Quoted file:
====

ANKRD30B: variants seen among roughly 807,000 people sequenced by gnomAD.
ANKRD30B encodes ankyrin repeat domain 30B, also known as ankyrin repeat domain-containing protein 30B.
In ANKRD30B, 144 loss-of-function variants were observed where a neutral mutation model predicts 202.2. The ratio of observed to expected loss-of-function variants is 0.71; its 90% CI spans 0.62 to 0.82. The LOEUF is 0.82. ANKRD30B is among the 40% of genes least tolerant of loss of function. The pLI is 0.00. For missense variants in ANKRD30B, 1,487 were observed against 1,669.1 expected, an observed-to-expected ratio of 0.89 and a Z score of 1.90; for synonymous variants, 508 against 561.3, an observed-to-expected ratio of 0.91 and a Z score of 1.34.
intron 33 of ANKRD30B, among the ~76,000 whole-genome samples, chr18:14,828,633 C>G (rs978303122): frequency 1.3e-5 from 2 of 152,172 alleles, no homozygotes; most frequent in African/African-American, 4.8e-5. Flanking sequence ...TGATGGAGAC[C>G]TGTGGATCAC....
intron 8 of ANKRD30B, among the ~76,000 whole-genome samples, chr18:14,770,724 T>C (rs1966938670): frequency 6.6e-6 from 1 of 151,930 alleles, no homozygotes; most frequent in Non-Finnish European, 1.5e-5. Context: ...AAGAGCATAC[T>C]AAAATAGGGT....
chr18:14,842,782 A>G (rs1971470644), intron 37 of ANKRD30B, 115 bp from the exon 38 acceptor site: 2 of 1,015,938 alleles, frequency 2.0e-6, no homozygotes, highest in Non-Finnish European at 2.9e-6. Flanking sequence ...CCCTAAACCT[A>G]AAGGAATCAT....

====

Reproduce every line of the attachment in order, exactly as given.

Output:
ANKRD30B: variants seen among roughly 807,000 people sequenced by gnomAD.
ANKRD30B encodes ankyrin repeat domain 30B, also known as ankyrin repeat domain-containing protein 30B.
In ANKRD30B, 144 loss-of-function variants were observed where a neutral mutation model predicts 202.2. The ratio of observed to expected loss-of-function variants is 0.71; its 90% CI spans 0.62 to 0.82. The LOEUF is 0.82. ANKRD30B is among the 40% of genes least tolerant of loss of function. The pLI is 0.00. For missense variants in ANKRD30B, 1,487 were observed against 1,669.1 expected, an observed-to-expected ratio of 0.89 and a Z score of 1.90; for synonymous variants, 508 against 561.3, an observed-to-expected ratio of 0.91 and a Z score of 1.34.
intron 33 of ANKRD30B, among the ~76,000 whole-genome samples, chr18:14,828,633 C>G (rs978303122): frequency 1.3e-5 from 2 of 152,172 alleles, no homozygotes; most frequent in African/African-American, 4.8e-5. Flanking sequence ...TGATGGAGAC[C>G]TGTGGATCAC....
intron 8 of ANKRD30B, among the ~76,000 whole-genome samples, chr18:14,770,724 T>C (rs1966938670): frequency 6.6e-6 from 1 of 151,930 alleles, no homozygotes; most frequent in Non-Finnish European, 1.5e-5. Context: ...AAGAGCATAC[T>C]AAAATAGGGT....
chr18:14,842,782 A>G (rs1971470644), intron 37 of ANKRD30B, 115 bp from the exon 38 acceptor site: 2 of 1,015,938 alleles, frequency 2.0e-6, no homozygotes, highest in Non-Finnish European at 2.9e-6. Flanking sequence ...CCCTAAACCT[A>G]AAGGAATCAT....